The wait continues for hundreds of undrafted baseball players

NEW YORK (AP) — They sat anxiously by their phones, computers and televisions, hoping to hear their names called out by big league teams.

Instead, the wait continues for hundreds of young baseball players.

Major League Baseball’s amateur draft ended Thursday night, reduced to just five rounds over two days from the usual 40 rounds over three due to the coronavirus pandemic – a move that should save teams about 30 millions of dollars. So instead of over 1,200 players celebrating the start of their professional careers, only 160 can do so at the moment.

For the rest, they must carefully weigh their options. And the teams too.

“When it comes to post-draft signings, it will be different,” said David Stearns, Milwaukee Brewers general manager and president of baseball operations. “There will likely be all kinds of different mechanisms at play there and market forces at play that we haven’t seen in the past.”

Major league clubs are going through their drafting boards and scouting reports while trying to identify the best remaining talent across the country.

“The fact that we’ve only been able to spot four college weekends and the high schoolers, many of whom haven’t been seen in the spring, is tough,” Boston Red Sox director of amateur scouting Paul Toboni said. . “There is a lot more uncertainty than there would be in a normal spring.”

Instead of the typical free-for-all immediately after the draft when teams rush to add undrafted players to round out their minor league squads, the conclusion to this year’s event included some important caveats.

For one thing, teams have to wait until Sunday to start negotiating and signing undrafted players.

“I’m sure it’s going to be a little crazy on Sunday and we’ll see how quickly things develop from there,” Brewers director of scouting Tod Johnson said, “but I really think it’s probably going to be an exciting Sunday. .”

Under the March 26 agreement between MLB and the players’ association, teams are allowed to sign an unlimited number of undrafted players. But, clubs are limited to offering maximum signing bonuses of just $20,000.

“It’s not ideal, but every baseball team suffers from this on many levels,” Baltimore Orioles general manager Mike Elias said of the shortened draft. “It’s not fun that we can’t keep adding players to the system beyond the fifth round. It feels like we’re good at picking late. Last year we took some number of pitchers on day two of the draft and really toughened up our system, so we just don’t understand that.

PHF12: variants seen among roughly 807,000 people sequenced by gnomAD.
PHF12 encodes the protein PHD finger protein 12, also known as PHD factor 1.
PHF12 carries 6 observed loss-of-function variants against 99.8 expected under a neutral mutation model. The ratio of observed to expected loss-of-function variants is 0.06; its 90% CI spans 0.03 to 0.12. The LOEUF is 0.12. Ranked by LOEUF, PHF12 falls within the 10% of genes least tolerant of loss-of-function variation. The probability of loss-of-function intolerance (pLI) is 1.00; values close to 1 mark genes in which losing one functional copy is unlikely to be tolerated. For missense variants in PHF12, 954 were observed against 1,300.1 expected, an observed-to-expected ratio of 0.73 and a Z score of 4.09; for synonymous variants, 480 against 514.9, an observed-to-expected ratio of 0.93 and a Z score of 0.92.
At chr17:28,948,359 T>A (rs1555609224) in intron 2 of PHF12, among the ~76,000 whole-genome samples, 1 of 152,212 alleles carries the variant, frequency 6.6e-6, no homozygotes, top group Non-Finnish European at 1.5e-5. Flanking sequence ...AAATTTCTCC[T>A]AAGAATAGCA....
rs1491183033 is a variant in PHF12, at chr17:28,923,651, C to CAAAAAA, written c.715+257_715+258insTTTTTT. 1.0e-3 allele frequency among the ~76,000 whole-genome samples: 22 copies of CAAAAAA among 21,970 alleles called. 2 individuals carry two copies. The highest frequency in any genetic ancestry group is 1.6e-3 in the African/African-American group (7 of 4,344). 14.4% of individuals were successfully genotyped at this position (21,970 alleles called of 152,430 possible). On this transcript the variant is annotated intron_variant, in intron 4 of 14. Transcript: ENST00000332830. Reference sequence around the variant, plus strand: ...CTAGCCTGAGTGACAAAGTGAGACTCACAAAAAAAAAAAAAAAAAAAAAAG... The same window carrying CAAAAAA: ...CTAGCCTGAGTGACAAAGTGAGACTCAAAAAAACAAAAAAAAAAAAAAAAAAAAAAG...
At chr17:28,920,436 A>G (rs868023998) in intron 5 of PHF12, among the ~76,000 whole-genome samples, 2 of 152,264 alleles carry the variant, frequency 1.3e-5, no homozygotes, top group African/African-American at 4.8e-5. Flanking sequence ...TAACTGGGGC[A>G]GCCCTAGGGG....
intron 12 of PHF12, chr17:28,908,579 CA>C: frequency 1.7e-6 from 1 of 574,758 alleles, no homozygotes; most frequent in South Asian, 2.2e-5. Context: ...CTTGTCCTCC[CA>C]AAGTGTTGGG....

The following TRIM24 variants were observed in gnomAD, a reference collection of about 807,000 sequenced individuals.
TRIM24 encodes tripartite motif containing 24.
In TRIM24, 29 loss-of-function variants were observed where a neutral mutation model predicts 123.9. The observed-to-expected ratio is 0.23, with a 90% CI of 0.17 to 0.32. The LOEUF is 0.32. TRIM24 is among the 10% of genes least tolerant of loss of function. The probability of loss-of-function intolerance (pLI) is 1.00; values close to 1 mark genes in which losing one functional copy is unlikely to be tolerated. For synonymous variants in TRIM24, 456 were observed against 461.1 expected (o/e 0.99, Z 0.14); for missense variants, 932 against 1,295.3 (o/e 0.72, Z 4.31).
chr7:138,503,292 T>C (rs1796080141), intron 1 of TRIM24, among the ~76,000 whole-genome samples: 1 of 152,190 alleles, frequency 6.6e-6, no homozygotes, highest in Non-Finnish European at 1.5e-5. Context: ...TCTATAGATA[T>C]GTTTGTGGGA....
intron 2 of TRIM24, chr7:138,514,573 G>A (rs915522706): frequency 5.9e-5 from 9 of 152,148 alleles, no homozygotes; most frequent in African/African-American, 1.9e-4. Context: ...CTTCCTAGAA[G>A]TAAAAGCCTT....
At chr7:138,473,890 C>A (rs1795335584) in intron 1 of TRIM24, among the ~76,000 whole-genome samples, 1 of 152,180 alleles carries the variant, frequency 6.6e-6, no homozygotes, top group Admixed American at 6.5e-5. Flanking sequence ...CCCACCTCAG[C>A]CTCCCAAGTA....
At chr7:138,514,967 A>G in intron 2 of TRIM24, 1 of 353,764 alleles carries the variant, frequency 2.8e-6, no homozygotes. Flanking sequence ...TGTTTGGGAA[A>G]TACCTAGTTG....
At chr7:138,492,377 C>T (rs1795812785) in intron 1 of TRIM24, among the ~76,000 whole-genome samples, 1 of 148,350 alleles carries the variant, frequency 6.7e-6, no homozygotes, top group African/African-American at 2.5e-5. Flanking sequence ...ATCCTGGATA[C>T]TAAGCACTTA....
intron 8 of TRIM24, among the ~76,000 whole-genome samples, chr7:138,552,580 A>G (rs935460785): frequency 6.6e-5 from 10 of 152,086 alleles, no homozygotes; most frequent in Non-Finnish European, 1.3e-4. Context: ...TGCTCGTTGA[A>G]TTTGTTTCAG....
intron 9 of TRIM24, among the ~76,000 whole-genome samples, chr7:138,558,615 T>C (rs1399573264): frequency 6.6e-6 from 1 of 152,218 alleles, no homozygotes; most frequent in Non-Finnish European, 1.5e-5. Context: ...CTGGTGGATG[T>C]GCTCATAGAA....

“We will try to sign as many kids as possible after the draft.”

This, however, will not necessarily be the strategy of all clubs.

“We’ve focused on a group of players that we believe fit the profile that gives us the best opportunity to sign them,” Miami Marlins director of amateur scouting DJ Svihlik said. “We don’t want to sign a group of players for $20,000. We want to sign good players for $20,000.”

However, the best of these undrafted players could also choose not to start their professional careers.

“These players face a very, very difficult choice,” Svihlik said. “A lot of these guys are 21 and time is running out for their careers.”

While MLB commissioner Rob Manfred insisted ahead of the start of the draft Wednesday night that playing a major league season this year was “100%” going to happen, the status of the minor league season remains uncertain. Hundreds of minor leaguers have recently been released by major league organizations to cut costs. Thus, the prospect of no longer having anywhere to play in the pros could soon change the plans of some undrafted players.

High schoolers could choose to go to college, but players in four-year programs can’t be drafted again until after their junior or senior seasons, or if they turn 21 before the draft.

In what could become an increasingly popular scenario, players could choose to enroll in junior college – where there are no limits on draft eligibility.

“You’re starting to see some of the best players already committing to junior college just to have that as a backup,” Seattle Mariners director of amateur scouting Scott Hunter said.

But even that couldn’t be a sure thing since MLB teams have the option to cut the 2021 draft down to just 20 rounds.

Another thing to consider for current college seniors: The NCAA has granted players at all levels an additional year of playing eligibility due to their seasons being shortened or canceled by the coronavirus pandemic.

These returning players would not count against the current scholarship and roster limits in college baseball, and potentially have a chance next season to improve their draft position.

“I see college baseball going into a bit of a stalemate over the next 18 months,” Hunter said. “You’ve got all these kids coming back if they’re seniors who were supposed to move on, or juniors who were in the final rounds deciding to go back to school. You’re going to see a bit of a stalemate, which probably actually helps and hurts college baseball because they’re going to have to make some tough decisions, like any major league team in their minor league systems.

Either way, undrafted players and talent-hungry teams have a lot to consider over the next few days.

“We don’t really know what to expect,” Tampa Bay Rays general manager Erik Neander said. “But (we’re) doing our best to prepare and if we can provide an opportunity for more players, that’s something we’re going to rely on our scouts and staff to identify the right players to do that with. .”


AP baseball writers Ron Blum, Mike Fitzpatrick and Noah Trister, and AP sportswriters Tim Booth, Jay Cohen, David Ginsburg, Jimmy Golen, Steve Megargee and Steven Wine contributed.


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